Virtualization Technology News and Information
VMblog Expert Interview: Peter Tsai Talks Spiceworks Ziff Davis 2022 State of IT Report


This week, Spiceworks Ziff Davis announced its annual 2022 State of IT study examining technology budget shifts and emerging technology adoption trends in organizations across North America and Europe.  To learn more, VMblog spoke to Peter Tsai, SWZD Senior Technology Analyst.

VMblog:  Spiceworks just released the results of their annual "State of IT" report.  Can you give readers an overview about the study and what it covers?

Peter Tsai:  Spiceworks Ziff Davis (SWZD) publishes the State of IT report every year to offer insights into forward-looking IT budget plans and technology adoption trends. As remote work becomes a permanent feature of the corporate landscape, The 2022 State of IT also covers IT career shifts during the pandemic and beyond.

VMblog:  How many people did the study survey and what were their demographics?

Tsai:  SWZD conducted the research in July 2021 and our survey included more than 1,100 IT buyers representing organizations across North America and Europe. Respondents work in companies of different sizes - ranging from SMBs to enterprises -and in a variety of industries including manufacturing, healthcare, non-profits, education, government, and finance.

VMblog:  What were some of the most significant findings in this year's report and why?

Tsai:  Organizations are more optimistic now than they have been in the last two years. Following a year of relatively flat revenues and modest budget growth, the 2022 State of IT data shows statically significant shifts: 61% of companies expect revenues to grow YoY and 53% plan to increase the size of IT budgets in 2022.

Pandemic-induced challenges caused many businesses to cut back on non-essential spending plans in 2021, but as many businesses consider their priorities and needs in an increasingly remote and hybrid future, they're even more willing to invest than they were before the pandemic.

Primary drivers of spending in 2022 will include an increased priority on IT projects, and need to upgrade outdated tech infrastructure, and increased security concerns. We also expect the share of IT budgets allocated to cloud and managed services to grow going forward, taking share from on-premises hardware and software spending as more workloads move to the cloud.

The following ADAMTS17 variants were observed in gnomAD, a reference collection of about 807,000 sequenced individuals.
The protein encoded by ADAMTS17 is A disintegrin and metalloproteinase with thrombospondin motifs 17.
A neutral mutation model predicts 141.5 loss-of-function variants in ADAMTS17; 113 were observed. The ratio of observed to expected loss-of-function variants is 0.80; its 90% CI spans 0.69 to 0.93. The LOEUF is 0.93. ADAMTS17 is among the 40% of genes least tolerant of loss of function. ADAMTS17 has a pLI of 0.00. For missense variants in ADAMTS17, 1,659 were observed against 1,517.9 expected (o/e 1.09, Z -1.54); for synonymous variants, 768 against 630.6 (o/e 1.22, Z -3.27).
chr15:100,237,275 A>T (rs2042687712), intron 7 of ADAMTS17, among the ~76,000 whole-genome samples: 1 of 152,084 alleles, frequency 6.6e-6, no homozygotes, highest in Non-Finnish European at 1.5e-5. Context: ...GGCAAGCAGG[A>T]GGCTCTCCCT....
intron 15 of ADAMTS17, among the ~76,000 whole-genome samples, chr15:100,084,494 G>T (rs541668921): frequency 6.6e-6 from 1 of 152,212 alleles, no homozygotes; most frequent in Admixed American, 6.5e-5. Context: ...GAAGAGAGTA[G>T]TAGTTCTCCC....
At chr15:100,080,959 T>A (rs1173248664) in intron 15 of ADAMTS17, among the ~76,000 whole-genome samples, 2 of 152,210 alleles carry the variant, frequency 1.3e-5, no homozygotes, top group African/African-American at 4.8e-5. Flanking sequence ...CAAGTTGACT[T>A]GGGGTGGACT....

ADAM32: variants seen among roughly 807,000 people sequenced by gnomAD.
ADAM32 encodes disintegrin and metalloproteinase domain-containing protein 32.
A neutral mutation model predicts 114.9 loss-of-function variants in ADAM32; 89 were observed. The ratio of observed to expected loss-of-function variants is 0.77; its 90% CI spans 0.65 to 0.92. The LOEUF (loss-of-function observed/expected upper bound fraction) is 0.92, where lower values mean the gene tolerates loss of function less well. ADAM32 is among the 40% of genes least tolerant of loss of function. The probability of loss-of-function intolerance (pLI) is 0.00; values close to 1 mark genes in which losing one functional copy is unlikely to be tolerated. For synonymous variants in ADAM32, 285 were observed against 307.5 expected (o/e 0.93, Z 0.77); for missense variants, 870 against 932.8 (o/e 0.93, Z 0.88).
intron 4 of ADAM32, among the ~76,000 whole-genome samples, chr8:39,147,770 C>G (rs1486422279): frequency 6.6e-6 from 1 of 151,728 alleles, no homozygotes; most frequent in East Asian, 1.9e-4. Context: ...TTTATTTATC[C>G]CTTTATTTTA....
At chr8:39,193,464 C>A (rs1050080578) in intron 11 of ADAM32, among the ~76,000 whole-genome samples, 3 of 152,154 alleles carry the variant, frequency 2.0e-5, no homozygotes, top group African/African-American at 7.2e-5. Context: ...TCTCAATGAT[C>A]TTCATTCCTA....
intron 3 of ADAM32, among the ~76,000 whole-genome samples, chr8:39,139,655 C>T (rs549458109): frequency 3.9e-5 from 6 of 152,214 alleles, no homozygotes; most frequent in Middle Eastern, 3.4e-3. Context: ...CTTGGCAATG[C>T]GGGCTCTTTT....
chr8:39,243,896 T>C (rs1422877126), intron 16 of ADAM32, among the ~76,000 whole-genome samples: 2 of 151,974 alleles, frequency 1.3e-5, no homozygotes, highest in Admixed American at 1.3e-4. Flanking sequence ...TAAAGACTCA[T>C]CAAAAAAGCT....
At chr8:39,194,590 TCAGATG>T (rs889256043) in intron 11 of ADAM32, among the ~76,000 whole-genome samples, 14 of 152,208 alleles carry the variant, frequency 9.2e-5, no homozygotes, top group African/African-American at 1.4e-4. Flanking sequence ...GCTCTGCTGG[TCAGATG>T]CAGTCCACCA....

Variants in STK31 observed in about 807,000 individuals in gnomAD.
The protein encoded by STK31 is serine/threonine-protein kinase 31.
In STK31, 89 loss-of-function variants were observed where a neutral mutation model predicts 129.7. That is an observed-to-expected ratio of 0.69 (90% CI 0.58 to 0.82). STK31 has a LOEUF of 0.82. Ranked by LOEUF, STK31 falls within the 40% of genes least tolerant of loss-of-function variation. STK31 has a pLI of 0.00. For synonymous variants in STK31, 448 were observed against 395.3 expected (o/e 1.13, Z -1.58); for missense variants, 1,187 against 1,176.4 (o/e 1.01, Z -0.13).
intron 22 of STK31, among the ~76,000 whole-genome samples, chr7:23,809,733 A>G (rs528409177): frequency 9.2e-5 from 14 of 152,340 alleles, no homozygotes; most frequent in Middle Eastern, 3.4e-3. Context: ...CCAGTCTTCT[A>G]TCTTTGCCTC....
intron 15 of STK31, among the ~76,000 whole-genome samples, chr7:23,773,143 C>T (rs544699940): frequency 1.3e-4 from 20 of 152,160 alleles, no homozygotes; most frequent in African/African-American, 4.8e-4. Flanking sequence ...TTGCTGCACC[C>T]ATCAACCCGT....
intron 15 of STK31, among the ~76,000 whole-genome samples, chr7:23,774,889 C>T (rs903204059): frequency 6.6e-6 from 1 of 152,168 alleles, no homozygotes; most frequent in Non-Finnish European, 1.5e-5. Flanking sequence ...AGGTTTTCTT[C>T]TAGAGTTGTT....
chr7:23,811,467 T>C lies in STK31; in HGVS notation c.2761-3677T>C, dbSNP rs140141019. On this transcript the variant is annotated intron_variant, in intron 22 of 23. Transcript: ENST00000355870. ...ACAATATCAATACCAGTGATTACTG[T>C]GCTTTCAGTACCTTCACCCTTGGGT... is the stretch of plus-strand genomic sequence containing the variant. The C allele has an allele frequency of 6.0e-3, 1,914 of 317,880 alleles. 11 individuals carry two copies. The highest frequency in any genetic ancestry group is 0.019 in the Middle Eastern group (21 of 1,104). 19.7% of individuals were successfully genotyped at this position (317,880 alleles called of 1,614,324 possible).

VMblog: Are there any major differences between the current study and last year's report? 

Tsai:  Yes. Going into 2021, business plans to adopt emerging technologies dropped significantly YoY, as companies prioritized more pressing issues, including as supporting and securing a newly remote workforce. As they plan for 2022, organizations expect to reinvigorate modernization efforts. Emerging tech adoption plans - especially for modern security solutions - have increased significantly YoY.

VMblog:  Were there any unexpected results that surprised your team?

Tsai:  Apart from the significant increases in expected revenues and tech spending, we saw big shifts in the IT job market. For example, 72% of IT professionals said the shift to remote work created additional work for IT departments. The good news is that many organizations have plans to grow to help support workers both at home and in the office.

In 2022, 40% of companies plan to expand the ranks of their IT staff. Enterprises (500+ employees) are even more likely to hire, with 61% expecting to onboard additional IT staff in 2022, compared to only 30% of SMBs (1-499 employees). 

VMblog:  What career changes will result from the shift to work from home?

Tsai:  The shift to remote work will shake up the IT labor market. One quarter of the IT workforce expects to look for a new role, change jobs, or switch careers in 2022. Among IT professionals seeking a new job in 2022, 86% will consider remote roles, which could increase competition for talent within the industry.

In 2022, 31% of IT pros in Gen Z plan to search for a new tech job, compared to 13% of IT pros in other generations. Members of Gen Z are also significantly more likely to switch to a career outside of tech (15%) than IT pros in other generations (6%).

VMblog:  What new or ongoing challenges do you expect based on your findings?  

Tsai:  While they're optimistic about rising company revenues and tech budgets, businesses also expect to continue to face issues emerging during the pandemic. Among businesses planning to increase IT spend in 2022, 22% cited inflation as a driving factor.

When buying IT hardware, software, and services in 2022, approximately 40% of IT departments expect to deal with the following: limited product availability, shipping delays or logistical problems, supply chain issues, increases in product costs, and chip shortages. Additionally, 22% of businesses expect to encounter difficulties when provisioning employees working from home.

VMblog:  Finally, where can readers go to find out more about the report?

Tsai:  You can read the full 2022 State of IT report at


Published Thursday, September 30, 2021 7:36 AM by David Marshall
Filed under:
There are no comments for this post.
To post a comment, you must be a registered user. Registration is free and easy! Sign up now!
<September 2021>